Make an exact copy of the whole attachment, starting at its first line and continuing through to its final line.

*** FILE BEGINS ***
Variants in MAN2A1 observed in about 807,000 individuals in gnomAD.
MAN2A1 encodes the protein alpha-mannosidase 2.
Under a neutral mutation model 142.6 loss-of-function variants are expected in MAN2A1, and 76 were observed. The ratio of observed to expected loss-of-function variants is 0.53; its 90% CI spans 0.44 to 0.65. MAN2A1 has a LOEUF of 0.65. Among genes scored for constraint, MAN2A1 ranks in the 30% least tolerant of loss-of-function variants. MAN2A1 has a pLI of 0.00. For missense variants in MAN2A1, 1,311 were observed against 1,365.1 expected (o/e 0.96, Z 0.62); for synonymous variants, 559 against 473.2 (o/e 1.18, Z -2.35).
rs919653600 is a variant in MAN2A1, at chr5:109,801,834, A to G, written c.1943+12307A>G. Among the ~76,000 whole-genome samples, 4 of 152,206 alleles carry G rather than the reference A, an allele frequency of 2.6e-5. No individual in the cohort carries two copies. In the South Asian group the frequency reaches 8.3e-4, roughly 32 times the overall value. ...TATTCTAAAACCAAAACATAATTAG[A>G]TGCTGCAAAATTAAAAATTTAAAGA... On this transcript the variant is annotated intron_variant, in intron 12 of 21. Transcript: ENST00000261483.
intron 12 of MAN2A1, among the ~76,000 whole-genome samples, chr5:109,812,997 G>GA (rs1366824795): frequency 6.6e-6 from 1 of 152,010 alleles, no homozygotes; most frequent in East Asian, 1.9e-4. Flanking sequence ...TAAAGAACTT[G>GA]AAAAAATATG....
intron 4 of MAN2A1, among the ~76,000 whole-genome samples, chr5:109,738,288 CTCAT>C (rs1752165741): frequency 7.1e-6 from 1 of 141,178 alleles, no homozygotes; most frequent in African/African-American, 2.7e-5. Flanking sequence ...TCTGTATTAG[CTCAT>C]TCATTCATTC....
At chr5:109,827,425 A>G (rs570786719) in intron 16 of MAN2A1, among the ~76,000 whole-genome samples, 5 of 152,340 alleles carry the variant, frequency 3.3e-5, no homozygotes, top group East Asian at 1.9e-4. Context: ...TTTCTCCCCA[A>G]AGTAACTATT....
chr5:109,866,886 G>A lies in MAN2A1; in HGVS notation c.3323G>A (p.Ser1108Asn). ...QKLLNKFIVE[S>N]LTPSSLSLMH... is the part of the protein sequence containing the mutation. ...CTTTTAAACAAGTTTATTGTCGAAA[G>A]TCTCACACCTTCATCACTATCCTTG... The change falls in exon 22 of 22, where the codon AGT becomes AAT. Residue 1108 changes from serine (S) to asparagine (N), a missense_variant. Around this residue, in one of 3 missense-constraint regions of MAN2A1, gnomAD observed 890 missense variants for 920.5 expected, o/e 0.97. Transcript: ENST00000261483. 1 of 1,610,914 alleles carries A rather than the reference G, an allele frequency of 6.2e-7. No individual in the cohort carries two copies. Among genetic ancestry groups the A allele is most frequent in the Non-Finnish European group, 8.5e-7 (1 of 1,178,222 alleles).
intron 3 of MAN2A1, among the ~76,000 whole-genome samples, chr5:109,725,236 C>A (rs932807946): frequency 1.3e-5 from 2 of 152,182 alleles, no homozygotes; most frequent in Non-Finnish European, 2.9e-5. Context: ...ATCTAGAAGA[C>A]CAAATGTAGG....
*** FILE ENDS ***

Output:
Variants in MAN2A1 observed in about 807,000 individuals in gnomAD.
MAN2A1 encodes the protein alpha-mannosidase 2.
Under a neutral mutation model 142.6 loss-of-function variants are expected in MAN2A1, and 76 were observed. The ratio of observed to expected loss-of-function variants is 0.53; its 90% CI spans 0.44 to 0.65. MAN2A1 has a LOEUF of 0.65. Among genes scored for constraint, MAN2A1 ranks in the 30% least tolerant of loss-of-function variants. MAN2A1 has a pLI of 0.00. For missense variants in MAN2A1, 1,311 were observed against 1,365.1 expected (o/e 0.96, Z 0.62); for synonymous variants, 559 against 473.2 (o/e 1.18, Z -2.35).
rs919653600 is a variant in MAN2A1, at chr5:109,801,834, A to G, written c.1943+12307A>G. Among the ~76,000 whole-genome samples, 4 of 152,206 alleles carry G rather than the reference A, an allele frequency of 2.6e-5. No individual in the cohort carries two copies. In the South Asian group the frequency reaches 8.3e-4, roughly 32 times the overall value. ...TATTCTAAAACCAAAACATAATTAG[A>G]TGCTGCAAAATTAAAAATTTAAAGA... On this transcript the variant is annotated intron_variant, in intron 12 of 21. Transcript: ENST00000261483.
intron 12 of MAN2A1, among the ~76,000 whole-genome samples, chr5:109,812,997 G>GA (rs1366824795): frequency 6.6e-6 from 1 of 152,010 alleles, no homozygotes; most frequent in East Asian, 1.9e-4. Flanking sequence ...TAAAGAACTT[G>GA]AAAAAATATG....
intron 4 of MAN2A1, among the ~76,000 whole-genome samples, chr5:109,738,288 CTCAT>C (rs1752165741): frequency 7.1e-6 from 1 of 141,178 alleles, no homozygotes; most frequent in African/African-American, 2.7e-5. Flanking sequence ...TCTGTATTAG[CTCAT>C]TCATTCATTC....
At chr5:109,827,425 A>G (rs570786719) in intron 16 of MAN2A1, among the ~76,000 whole-genome samples, 5 of 152,340 alleles carry the variant, frequency 3.3e-5, no homozygotes, top group East Asian at 1.9e-4. Context: ...TTTCTCCCCA[A>G]AGTAACTATT....
chr5:109,866,886 G>A lies in MAN2A1; in HGVS notation c.3323G>A (p.Ser1108Asn). ...QKLLNKFIVE[S>N]LTPSSLSLMH... is the part of the protein sequence containing the mutation. ...CTTTTAAACAAGTTTATTGTCGAAA[G>A]TCTCACACCTTCATCACTATCCTTG... The change falls in exon 22 of 22, where the codon AGT becomes AAT. Residue 1108 changes from serine (S) to asparagine (N), a missense_variant. Around this residue, in one of 3 missense-constraint regions of MAN2A1, gnomAD observed 890 missense variants for 920.5 expected, o/e 0.97. Transcript: ENST00000261483. 1 of 1,610,914 alleles carries A rather than the reference G, an allele frequency of 6.2e-7. No individual in the cohort carries two copies. Among genetic ancestry groups the A allele is most frequent in the Non-Finnish European group, 8.5e-7 (1 of 1,178,222 alleles).
intron 3 of MAN2A1, among the ~76,000 whole-genome samples, chr5:109,725,236 C>A (rs932807946): frequency 1.3e-5 from 2 of 152,182 alleles, no homozygotes; most frequent in Non-Finnish European, 2.9e-5. Context: ...ATCTAGAAGA[C>A]CAAATGTAGG....